I just finished my last exam and i am going to expect a mediocre GPA for my masters. However, I am also working full time and as such, its really challenging for me to maintain a higher grades. However, i have a published conference paper previously and a 2:1 in my undergraduate. May I know what are my chances in admitting into fully funded phd in US or europe.
I don't know much about US application system and I am from the UK.
I didn't get a great 2:1 and only got an okay dissertation mark (again 2:1) with no conference paper (congrats on that) and I still got a fully funded PhD. From what I have been told, is that I nailed my application essay and my interview. So it is possible.
There are academic snobs who look down on all 2:1 students but if you get to an interview make it clear that you had a full time job which prevented you fully focusing on your degree. They will most likely take that into consideration but you will need to show them something else to compensate. In most courses, you get a good grade by just regurgitating information and good exam techniques and potential supervisors know that. What they are looking for is usually someone with good basic knowledge, hard working and have a clear logical thinking (I am oversimplifying this I know). So you need to show that in your application if you want to succeed.
So yes you can get a fully funded PhD.
rewt. Given that you achieved a 2:1, I would suggest you are not well placed to give advice on what it takes to get a 1st.
You may well have got by simply by regurgitating information and developing good exam technique but you shouldn't project that onto those who achieve superb grades.
The original poster should be able to get a funded PhD position but it may take time and it may not be for the PhD position they really want. Grades are everything at this stage unless you are lucky enough to find nobody else applying.
pm133, I am not saying that everyone who gets good grades is just regurgitating information and I know that a lot of people of who got good grades who did work really hard and totally deserved it. I apologise that I overgeneralized and not trying to demean people who got superb grades.
But there are people who just regurgitate information and had exam technique that inflated their grades despite them being oblivious. Grades are a good indication of how you will succeed in a PhD but you can succeed in undergrad with a completely different skill set to the one required to do well as a postgraduate. The potential supervisor should know that and is looking for the right skills/attitude as well as grades.
I didn't do much regurgitation as I was that guy that barely turned up after the first year, drank like a fish and literally rocked up to exams having barely done any work. Though I finally found a topic in my final year that actually interested me, worked my ass off and managed to impress the interviewers enough to give me a chance (and there were other applicants). I am not saying it is easy to get a PhD with a 2:1 but that is possible if you show the interviewers something else.
I really followed the general advice from the internet for writing the proposal and interview.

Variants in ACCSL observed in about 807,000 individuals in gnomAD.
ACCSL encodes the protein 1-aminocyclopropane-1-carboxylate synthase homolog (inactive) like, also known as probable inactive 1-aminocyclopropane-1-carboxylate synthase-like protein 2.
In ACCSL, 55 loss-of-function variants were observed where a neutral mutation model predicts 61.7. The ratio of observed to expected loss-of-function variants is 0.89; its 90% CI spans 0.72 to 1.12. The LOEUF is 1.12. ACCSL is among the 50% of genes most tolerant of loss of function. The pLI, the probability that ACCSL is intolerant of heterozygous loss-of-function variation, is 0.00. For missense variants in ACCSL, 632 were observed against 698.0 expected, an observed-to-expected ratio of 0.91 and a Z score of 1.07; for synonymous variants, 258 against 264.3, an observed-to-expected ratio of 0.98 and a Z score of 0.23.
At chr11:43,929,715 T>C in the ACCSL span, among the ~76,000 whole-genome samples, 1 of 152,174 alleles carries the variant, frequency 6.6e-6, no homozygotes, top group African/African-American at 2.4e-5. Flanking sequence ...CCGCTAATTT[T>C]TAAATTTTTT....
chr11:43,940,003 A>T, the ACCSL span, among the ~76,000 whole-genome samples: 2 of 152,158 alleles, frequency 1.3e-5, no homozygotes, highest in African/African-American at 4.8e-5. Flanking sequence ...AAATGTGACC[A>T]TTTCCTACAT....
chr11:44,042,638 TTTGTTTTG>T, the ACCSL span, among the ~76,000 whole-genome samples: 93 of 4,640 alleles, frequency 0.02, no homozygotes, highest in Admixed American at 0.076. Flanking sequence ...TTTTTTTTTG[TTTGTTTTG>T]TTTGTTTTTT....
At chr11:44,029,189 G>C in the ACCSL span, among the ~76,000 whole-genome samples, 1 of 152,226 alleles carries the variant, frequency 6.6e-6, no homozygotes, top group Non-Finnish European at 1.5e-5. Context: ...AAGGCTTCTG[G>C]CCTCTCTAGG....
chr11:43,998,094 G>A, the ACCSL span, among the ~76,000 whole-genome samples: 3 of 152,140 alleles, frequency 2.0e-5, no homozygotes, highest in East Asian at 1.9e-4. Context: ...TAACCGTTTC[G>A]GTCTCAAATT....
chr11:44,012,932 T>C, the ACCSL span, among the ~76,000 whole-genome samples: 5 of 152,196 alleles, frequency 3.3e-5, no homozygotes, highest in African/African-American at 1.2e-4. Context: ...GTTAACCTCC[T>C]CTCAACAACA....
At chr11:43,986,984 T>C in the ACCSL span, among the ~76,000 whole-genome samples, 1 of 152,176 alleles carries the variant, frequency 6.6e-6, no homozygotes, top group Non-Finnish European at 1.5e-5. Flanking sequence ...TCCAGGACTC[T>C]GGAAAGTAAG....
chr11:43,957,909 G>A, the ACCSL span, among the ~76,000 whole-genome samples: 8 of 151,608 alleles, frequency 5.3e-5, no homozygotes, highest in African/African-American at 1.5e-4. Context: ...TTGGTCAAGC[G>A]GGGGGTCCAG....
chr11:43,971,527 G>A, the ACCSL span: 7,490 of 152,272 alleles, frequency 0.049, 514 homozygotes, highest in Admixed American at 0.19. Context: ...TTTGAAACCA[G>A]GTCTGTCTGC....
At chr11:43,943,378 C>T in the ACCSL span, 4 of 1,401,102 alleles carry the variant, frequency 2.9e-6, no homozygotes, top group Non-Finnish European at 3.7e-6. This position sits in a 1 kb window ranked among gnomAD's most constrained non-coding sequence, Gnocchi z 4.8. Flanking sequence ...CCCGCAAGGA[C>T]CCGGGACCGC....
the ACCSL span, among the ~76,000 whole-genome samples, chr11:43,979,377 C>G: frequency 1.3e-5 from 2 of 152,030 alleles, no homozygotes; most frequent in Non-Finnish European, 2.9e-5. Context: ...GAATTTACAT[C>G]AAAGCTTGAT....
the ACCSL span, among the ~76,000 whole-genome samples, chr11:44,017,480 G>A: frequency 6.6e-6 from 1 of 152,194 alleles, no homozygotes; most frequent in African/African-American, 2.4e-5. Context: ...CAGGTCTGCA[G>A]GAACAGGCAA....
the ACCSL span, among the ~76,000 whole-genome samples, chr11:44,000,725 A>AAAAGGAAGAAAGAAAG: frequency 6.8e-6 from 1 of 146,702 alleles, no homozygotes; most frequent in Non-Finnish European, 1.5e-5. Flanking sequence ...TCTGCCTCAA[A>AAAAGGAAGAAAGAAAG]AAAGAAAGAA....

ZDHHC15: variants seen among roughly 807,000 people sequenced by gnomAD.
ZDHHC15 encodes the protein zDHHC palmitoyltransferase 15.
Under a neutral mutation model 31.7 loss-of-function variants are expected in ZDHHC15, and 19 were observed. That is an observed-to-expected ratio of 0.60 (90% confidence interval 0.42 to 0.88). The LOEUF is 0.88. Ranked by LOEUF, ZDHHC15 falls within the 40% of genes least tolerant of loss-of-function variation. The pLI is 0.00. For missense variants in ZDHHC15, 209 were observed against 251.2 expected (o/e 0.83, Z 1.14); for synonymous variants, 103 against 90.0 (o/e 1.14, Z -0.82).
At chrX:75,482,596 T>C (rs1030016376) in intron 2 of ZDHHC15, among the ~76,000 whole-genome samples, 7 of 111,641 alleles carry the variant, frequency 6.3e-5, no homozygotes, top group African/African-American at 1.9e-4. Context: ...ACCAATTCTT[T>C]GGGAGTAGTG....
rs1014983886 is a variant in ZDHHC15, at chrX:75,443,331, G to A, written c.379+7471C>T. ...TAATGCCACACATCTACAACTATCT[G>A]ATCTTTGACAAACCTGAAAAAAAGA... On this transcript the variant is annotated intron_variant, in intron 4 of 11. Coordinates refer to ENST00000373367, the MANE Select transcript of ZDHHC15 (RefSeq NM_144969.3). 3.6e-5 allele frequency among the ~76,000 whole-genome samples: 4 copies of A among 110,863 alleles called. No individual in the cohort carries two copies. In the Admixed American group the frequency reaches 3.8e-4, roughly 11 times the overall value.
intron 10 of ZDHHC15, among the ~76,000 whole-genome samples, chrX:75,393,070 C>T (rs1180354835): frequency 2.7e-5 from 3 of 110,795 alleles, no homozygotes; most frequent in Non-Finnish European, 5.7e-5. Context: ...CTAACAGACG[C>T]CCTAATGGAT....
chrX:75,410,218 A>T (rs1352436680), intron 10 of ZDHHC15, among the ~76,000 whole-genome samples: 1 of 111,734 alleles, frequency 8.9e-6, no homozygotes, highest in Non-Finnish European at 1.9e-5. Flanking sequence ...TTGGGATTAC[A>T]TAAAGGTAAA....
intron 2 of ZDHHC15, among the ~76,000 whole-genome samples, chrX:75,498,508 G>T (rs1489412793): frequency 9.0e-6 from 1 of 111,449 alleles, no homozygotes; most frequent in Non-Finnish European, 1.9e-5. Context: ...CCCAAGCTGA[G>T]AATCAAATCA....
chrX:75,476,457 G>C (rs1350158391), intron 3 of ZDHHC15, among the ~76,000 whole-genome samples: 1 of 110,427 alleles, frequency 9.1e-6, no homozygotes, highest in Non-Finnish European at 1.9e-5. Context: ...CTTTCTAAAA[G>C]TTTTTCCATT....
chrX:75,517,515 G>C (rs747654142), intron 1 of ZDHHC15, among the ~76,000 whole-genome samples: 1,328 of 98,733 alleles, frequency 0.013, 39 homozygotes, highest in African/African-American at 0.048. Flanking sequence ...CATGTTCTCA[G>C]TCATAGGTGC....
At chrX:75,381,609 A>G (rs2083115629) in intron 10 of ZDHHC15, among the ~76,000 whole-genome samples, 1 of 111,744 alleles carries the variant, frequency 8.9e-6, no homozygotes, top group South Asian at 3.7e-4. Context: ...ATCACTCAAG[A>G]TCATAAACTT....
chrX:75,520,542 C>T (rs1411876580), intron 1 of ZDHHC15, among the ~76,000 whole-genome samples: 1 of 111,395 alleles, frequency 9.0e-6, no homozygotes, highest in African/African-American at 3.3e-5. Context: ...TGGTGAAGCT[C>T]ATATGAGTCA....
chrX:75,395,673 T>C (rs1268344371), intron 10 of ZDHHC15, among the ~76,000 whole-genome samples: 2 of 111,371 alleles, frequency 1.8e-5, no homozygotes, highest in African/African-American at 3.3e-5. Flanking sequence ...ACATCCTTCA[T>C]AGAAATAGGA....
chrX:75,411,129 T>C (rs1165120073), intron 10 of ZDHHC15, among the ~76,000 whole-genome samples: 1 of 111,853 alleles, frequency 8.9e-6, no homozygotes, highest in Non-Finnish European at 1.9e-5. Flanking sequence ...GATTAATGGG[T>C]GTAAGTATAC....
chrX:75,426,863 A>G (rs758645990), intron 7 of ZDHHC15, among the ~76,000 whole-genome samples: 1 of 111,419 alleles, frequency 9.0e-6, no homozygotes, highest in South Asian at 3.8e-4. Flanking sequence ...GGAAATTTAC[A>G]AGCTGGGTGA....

Though I did my research and learned everything I could about the topic. I tried to understand every intricacy of the area and knew the key authors/papers. Plus I expressed my honest opinions about what I thought about all their work (in hindsight a lot of what I said was wrong) and how I could develop on their work.
In the interview, I also explained my rough plan (with gantt chart) for what I wanted to do and I have now found that my plan matched the plan proposed in the grant application. It was scary how similar the grant application was with my application proposal, considering they only advertised the title with no helpful blurb. So I knew the sub-topic quite well at the interview stage as it genuinely interested me and had similar expectations to the supervisor. Based on that the best way might be to immerse yourself in the topic when applying because you are going to have to do it anyway if you get it.
Though as pm133 did point out I am probably not the best person to give advice.
Not to put to fine a point on it, age discrimination does happen, maybe not in computer science, but certainly in the social sciences. I received some great feedback during the summer when I was emailing potential supervisors regarding my PhD. This senior academic from a respected university gave me some very useful information how to go about it, even though my topic wasn't outside of her expertise/interest, and so she could not supervise my thesis unless I make fundamental changes . Along with the helpful advice was the comment that in her experience (and she did say that she shouldn't really be saying this), funded places are usually for budding academics, and so younger applicants (those in their 20s and early 30s) tend to be looked upon more favourably. That is not to say that us oldies have no chance of funded places, just that with all things being equal, younger applicants do tend to get the nod.
FFS, I was looking at some student accommodations in Leeds, and some of the student halls (note; privately run student halls, not shared rented houses where the sitting tenants express their preference about a new housemate) have a stated maximum age of 32. Is this even legal?
Thank you so much for all your responses. I think all the posts have good points in them. Granted, someone with a 2:1 will lose to a 1st. My masters adviser actually asked me to continue on my dissertation topic for my phd but i wanted to try something out of my home. Like rewt said, its not going to be easy with a 2:1 but im going to take a shot.
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